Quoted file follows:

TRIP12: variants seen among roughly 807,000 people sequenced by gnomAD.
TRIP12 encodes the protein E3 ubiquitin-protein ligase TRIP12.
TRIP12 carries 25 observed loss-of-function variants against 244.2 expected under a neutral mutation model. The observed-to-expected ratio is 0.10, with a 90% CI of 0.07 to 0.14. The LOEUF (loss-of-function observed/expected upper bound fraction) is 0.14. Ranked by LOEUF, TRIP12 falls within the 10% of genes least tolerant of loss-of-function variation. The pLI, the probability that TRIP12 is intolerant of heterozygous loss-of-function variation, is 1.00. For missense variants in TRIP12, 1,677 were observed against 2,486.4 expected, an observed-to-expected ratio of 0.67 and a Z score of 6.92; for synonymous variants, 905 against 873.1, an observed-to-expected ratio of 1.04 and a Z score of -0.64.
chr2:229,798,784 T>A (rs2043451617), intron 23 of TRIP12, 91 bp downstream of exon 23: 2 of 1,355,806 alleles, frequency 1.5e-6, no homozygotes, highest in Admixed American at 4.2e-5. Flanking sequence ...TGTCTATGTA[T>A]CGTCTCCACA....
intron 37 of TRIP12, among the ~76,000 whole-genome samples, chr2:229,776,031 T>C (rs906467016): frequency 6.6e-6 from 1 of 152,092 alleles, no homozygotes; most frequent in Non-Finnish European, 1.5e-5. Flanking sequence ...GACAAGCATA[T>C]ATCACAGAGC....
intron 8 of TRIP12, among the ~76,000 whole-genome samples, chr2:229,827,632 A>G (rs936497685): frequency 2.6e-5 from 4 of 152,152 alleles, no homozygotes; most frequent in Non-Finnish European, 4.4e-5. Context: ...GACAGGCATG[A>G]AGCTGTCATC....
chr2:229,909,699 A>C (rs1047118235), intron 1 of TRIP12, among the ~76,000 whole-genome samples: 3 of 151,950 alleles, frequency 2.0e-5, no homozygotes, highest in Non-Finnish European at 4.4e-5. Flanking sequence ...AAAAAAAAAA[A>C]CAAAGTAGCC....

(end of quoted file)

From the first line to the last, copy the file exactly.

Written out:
TRIP12: variants seen among roughly 807,000 people sequenced by gnomAD.
TRIP12 encodes the protein E3 ubiquitin-protein ligase TRIP12.
TRIP12 carries 25 observed loss-of-function variants against 244.2 expected under a neutral mutation model. The observed-to-expected ratio is 0.10, with a 90% CI of 0.07 to 0.14. The LOEUF (loss-of-function observed/expected upper bound fraction) is 0.14. Ranked by LOEUF, TRIP12 falls within the 10% of genes least tolerant of loss-of-function variation. The pLI, the probability that TRIP12 is intolerant of heterozygous loss-of-function variation, is 1.00. For missense variants in TRIP12, 1,677 were observed against 2,486.4 expected, an observed-to-expected ratio of 0.67 and a Z score of 6.92; for synonymous variants, 905 against 873.1, an observed-to-expected ratio of 1.04 and a Z score of -0.64.
chr2:229,798,784 T>A (rs2043451617), intron 23 of TRIP12, 91 bp downstream of exon 23: 2 of 1,355,806 alleles, frequency 1.5e-6, no homozygotes, highest in Admixed American at 4.2e-5. Flanking sequence ...TGTCTATGTA[T>A]CGTCTCCACA....
intron 37 of TRIP12, among the ~76,000 whole-genome samples, chr2:229,776,031 T>C (rs906467016): frequency 6.6e-6 from 1 of 152,092 alleles, no homozygotes; most frequent in Non-Finnish European, 1.5e-5. Flanking sequence ...GACAAGCATA[T>C]ATCACAGAGC....
intron 8 of TRIP12, among the ~76,000 whole-genome samples, chr2:229,827,632 A>G (rs936497685): frequency 2.6e-5 from 4 of 152,152 alleles, no homozygotes; most frequent in Non-Finnish European, 4.4e-5. Context: ...GACAGGCATG[A>G]AGCTGTCATC....
chr2:229,909,699 A>C (rs1047118235), intron 1 of TRIP12, among the ~76,000 whole-genome samples: 3 of 151,950 alleles, frequency 2.0e-5, no homozygotes, highest in Non-Finnish European at 4.4e-5. Flanking sequence ...AAAAAAAAAA[A>C]CAAAGTAGCC....